“It’s kind of like tickets in the lottery,” Worobey said. “These mutations that have huge impacts are relatively rare events. But if you have millions of tickets in the lottery, you will stumble upon these rare events more often. It is basically just a simple calculation that the more cases there are, the more opportunity you’re giving for the virus to generate even more concerning forms than already exist.”
It would be impossible to draw a direct link between Ducey’s decision to reopen the state and the emergence of a new, even more worrisome variant, Gerald said.
Instead, it’s a bunch of decisions like Ducey’s across the globe that may disadvantage us by giving the virus more opportunity to spread and mutate.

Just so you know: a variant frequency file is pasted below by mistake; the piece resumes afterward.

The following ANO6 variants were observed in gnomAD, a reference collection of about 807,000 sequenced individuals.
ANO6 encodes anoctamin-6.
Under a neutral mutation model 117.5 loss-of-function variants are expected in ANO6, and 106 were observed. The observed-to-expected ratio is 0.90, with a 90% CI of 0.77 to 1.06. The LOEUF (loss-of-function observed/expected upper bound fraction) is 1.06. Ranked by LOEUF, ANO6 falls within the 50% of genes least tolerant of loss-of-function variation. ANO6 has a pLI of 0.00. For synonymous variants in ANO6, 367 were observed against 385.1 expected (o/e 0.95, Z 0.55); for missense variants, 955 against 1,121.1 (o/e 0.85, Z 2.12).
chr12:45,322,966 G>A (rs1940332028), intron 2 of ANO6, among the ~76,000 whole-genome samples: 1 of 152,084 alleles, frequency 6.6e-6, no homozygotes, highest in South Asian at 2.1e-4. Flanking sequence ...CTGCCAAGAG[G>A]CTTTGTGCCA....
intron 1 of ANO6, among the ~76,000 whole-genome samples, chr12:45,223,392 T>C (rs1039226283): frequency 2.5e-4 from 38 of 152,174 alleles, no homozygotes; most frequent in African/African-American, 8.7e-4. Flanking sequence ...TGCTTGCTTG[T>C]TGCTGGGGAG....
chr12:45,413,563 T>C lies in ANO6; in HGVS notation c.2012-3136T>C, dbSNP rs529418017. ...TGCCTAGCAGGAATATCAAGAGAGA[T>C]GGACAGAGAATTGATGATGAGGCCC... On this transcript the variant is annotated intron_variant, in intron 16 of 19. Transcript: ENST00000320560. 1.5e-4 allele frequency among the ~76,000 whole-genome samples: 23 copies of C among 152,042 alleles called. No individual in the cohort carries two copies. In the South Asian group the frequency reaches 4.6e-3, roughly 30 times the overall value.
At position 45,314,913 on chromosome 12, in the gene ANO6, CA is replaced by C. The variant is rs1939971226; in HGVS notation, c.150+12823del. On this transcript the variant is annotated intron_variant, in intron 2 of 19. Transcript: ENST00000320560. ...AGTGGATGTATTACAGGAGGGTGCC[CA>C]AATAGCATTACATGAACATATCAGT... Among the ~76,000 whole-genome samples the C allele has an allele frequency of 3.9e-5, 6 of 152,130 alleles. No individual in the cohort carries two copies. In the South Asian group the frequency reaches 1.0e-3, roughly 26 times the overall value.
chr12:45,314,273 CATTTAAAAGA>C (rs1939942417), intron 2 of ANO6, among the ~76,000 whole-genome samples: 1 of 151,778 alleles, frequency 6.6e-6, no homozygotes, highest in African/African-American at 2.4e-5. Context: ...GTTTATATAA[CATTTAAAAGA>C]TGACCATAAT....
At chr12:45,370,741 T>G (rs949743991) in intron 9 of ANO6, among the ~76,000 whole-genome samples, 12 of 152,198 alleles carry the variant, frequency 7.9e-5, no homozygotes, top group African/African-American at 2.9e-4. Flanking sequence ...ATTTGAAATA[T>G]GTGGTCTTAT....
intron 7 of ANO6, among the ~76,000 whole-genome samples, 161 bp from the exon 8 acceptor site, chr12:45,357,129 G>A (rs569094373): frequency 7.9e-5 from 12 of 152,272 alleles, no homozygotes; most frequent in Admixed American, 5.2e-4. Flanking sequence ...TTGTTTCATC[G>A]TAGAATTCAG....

“in the thick of it”
When Ducey lifted restrictions on businesses and public gatherings he also stripped local governments of their ability to implement their own mask mandates.
Some health experts have called his decisions premature. And Tucson Mayor Regina Romero said she has no intent to remove Tucson’s local mask mandate.
“It’s too early to completely roll back these sorts of restrictions,” Worobey said. “We’re still in the thick of it for at least another couple of months before a wide swath of the population is vaccinated.”
While there are still enough unvaccinated people in Arizona for another spike in COVID-19 cases, Gerald said enough of the most vulnerable people have been vaccinated to protect the hospitals.
This is a point the state’s top health official, Dr. Cara Christ, made multiple times at a news conference on Friday while she defended the governor’s decision.